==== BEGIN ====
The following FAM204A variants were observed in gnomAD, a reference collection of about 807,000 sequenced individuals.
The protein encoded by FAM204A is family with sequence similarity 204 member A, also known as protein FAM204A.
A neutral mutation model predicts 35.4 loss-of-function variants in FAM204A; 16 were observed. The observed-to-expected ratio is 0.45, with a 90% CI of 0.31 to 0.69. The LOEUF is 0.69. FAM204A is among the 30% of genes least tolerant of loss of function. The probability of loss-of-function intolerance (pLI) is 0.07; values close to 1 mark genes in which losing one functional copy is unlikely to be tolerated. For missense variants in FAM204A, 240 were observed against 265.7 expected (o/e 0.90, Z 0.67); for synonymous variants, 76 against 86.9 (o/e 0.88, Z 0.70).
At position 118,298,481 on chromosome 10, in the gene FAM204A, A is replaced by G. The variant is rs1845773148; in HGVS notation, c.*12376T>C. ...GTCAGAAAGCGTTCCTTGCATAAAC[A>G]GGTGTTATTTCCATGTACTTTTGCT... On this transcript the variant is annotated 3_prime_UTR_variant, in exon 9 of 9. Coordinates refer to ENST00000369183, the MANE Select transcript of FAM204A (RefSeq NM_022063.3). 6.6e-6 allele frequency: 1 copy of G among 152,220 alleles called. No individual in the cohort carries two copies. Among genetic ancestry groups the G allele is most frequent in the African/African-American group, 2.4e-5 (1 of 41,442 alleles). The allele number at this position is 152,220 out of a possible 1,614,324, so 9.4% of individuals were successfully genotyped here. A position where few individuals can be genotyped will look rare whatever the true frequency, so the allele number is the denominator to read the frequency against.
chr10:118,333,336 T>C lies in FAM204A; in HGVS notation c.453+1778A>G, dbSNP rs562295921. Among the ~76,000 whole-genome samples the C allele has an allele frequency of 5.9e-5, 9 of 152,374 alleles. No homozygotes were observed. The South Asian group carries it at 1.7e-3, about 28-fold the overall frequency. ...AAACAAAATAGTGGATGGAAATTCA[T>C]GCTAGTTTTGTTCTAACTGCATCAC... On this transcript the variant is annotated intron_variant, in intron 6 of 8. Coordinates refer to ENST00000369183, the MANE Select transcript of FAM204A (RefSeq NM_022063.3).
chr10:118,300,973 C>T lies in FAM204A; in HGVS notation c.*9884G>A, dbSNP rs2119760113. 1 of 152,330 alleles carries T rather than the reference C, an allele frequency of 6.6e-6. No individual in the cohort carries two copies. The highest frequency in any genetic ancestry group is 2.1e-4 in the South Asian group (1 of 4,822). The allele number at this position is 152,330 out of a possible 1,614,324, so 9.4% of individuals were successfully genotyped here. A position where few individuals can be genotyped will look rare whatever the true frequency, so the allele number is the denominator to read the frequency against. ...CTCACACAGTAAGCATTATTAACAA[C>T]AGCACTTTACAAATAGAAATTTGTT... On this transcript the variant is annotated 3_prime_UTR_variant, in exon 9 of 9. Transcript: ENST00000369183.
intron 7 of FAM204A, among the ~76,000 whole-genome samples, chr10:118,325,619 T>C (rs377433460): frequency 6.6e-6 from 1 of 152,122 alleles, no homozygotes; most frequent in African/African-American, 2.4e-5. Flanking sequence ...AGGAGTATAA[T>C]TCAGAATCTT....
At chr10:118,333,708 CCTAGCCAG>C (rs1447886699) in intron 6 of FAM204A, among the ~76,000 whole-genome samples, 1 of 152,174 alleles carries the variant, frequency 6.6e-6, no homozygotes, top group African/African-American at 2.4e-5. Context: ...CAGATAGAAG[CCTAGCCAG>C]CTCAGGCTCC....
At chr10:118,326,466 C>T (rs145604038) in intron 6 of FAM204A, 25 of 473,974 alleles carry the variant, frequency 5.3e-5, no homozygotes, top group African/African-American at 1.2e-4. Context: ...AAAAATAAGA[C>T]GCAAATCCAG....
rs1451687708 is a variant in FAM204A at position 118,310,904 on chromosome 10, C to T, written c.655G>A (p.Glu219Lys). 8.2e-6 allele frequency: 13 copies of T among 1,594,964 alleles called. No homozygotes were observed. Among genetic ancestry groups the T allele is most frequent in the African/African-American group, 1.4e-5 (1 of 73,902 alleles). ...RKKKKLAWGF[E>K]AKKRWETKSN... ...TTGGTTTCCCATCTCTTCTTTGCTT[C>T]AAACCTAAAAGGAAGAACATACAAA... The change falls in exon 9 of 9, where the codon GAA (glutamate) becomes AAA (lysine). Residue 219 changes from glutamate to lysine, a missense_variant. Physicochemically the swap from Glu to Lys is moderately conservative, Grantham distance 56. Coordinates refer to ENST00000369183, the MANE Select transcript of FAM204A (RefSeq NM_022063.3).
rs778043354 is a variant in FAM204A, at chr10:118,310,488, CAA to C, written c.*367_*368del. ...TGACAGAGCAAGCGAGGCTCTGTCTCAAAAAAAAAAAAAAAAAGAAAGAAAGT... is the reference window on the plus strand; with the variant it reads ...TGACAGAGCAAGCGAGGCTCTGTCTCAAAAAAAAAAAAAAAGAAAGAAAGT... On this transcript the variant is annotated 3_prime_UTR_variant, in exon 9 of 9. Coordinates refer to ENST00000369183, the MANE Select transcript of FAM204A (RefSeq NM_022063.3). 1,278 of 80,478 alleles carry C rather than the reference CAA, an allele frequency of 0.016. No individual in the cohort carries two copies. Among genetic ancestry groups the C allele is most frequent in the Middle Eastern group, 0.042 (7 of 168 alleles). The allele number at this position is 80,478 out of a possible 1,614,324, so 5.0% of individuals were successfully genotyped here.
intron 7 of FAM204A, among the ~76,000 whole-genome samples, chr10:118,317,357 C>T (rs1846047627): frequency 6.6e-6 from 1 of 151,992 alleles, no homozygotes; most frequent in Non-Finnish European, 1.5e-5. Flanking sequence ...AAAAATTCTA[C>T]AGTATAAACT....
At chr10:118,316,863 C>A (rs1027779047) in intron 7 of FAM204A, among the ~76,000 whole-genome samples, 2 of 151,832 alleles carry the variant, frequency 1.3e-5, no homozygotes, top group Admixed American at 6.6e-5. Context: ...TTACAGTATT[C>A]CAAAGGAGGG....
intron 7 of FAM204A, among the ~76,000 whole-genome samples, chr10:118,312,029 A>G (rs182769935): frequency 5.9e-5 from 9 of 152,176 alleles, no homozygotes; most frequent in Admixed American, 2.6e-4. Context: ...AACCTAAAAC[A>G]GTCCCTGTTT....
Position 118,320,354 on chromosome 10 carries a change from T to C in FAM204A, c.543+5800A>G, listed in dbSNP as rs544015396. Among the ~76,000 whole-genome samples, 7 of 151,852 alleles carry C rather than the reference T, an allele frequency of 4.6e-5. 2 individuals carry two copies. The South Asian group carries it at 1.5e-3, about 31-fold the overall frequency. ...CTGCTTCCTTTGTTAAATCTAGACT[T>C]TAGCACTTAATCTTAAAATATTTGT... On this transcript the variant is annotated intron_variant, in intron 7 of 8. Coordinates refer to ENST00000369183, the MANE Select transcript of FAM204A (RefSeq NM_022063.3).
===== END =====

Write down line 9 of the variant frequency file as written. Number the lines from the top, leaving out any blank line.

At chr10:118,326,466 C>T (rs145604038) in intron 6 of FAM204A, 25 of 473,974 alleles carry the variant, frequency 5.3e-5, no homozygotes, top group African/African-American at 1.2e-4. Context: ...AAAAATAAGA[C>T]GCAAATCCAG....